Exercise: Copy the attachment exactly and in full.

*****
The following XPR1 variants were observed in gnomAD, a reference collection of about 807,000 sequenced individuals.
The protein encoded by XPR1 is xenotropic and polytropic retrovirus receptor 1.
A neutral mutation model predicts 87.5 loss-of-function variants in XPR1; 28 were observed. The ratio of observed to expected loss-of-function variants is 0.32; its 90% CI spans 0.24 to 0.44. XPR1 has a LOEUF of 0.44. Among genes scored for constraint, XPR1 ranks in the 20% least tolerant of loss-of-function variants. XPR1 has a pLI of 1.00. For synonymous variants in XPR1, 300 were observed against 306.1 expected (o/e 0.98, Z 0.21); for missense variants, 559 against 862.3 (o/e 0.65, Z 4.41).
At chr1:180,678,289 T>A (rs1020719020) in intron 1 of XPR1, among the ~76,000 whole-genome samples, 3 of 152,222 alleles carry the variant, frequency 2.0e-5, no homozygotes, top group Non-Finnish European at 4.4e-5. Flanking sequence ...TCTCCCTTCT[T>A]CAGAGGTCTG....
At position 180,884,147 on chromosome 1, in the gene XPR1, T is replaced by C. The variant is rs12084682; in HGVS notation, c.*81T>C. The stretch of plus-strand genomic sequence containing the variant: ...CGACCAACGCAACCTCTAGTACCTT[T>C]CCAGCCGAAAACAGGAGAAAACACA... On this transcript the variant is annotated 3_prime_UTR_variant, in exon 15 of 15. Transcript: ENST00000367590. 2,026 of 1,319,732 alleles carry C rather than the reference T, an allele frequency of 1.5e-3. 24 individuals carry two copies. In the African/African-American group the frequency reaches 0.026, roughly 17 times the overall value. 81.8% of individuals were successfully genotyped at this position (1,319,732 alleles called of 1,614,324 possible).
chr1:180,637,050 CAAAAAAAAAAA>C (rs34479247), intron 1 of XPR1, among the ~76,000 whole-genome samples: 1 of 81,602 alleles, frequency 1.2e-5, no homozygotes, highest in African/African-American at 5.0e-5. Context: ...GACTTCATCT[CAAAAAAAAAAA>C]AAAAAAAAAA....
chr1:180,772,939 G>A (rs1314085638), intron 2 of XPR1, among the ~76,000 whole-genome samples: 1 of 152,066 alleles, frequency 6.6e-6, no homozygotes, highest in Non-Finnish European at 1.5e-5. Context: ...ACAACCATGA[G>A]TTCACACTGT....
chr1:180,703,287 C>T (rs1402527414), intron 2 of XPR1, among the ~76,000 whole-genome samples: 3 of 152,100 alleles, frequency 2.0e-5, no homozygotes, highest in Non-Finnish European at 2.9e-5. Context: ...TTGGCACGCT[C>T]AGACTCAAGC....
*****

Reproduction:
The following XPR1 variants were observed in gnomAD, a reference collection of about 807,000 sequenced individuals.
The protein encoded by XPR1 is xenotropic and polytropic retrovirus receptor 1.
A neutral mutation model predicts 87.5 loss-of-function variants in XPR1; 28 were observed. The ratio of observed to expected loss-of-function variants is 0.32; its 90% CI spans 0.24 to 0.44. XPR1 has a LOEUF of 0.44. Among genes scored for constraint, XPR1 ranks in the 20% least tolerant of loss-of-function variants. XPR1 has a pLI of 1.00. For synonymous variants in XPR1, 300 were observed against 306.1 expected (o/e 0.98, Z 0.21); for missense variants, 559 against 862.3 (o/e 0.65, Z 4.41).
At chr1:180,678,289 T>A (rs1020719020) in intron 1 of XPR1, among the ~76,000 whole-genome samples, 3 of 152,222 alleles carry the variant, frequency 2.0e-5, no homozygotes, top group Non-Finnish European at 4.4e-5. Flanking sequence ...TCTCCCTTCT[T>A]CAGAGGTCTG....
At position 180,884,147 on chromosome 1, in the gene XPR1, T is replaced by C. The variant is rs12084682; in HGVS notation, c.*81T>C. The stretch of plus-strand genomic sequence containing the variant: ...CGACCAACGCAACCTCTAGTACCTT[T>C]CCAGCCGAAAACAGGAGAAAACACA... On this transcript the variant is annotated 3_prime_UTR_variant, in exon 15 of 15. Transcript: ENST00000367590. 2,026 of 1,319,732 alleles carry C rather than the reference T, an allele frequency of 1.5e-3. 24 individuals carry two copies. In the African/African-American group the frequency reaches 0.026, roughly 17 times the overall value. 81.8% of individuals were successfully genotyped at this position (1,319,732 alleles called of 1,614,324 possible).
chr1:180,637,050 CAAAAAAAAAAA>C (rs34479247), intron 1 of XPR1, among the ~76,000 whole-genome samples: 1 of 81,602 alleles, frequency 1.2e-5, no homozygotes, highest in African/African-American at 5.0e-5. Context: ...GACTTCATCT[CAAAAAAAAAAA>C]AAAAAAAAAA....
chr1:180,772,939 G>A (rs1314085638), intron 2 of XPR1, among the ~76,000 whole-genome samples: 1 of 152,066 alleles, frequency 6.6e-6, no homozygotes, highest in Non-Finnish European at 1.5e-5. Context: ...ACAACCATGA[G>A]TTCACACTGT....
chr1:180,703,287 C>T (rs1402527414), intron 2 of XPR1, among the ~76,000 whole-genome samples: 3 of 152,100 alleles, frequency 2.0e-5, no homozygotes, highest in Non-Finnish European at 2.9e-5. Context: ...TTGGCACGCT[C>T]AGACTCAAGC....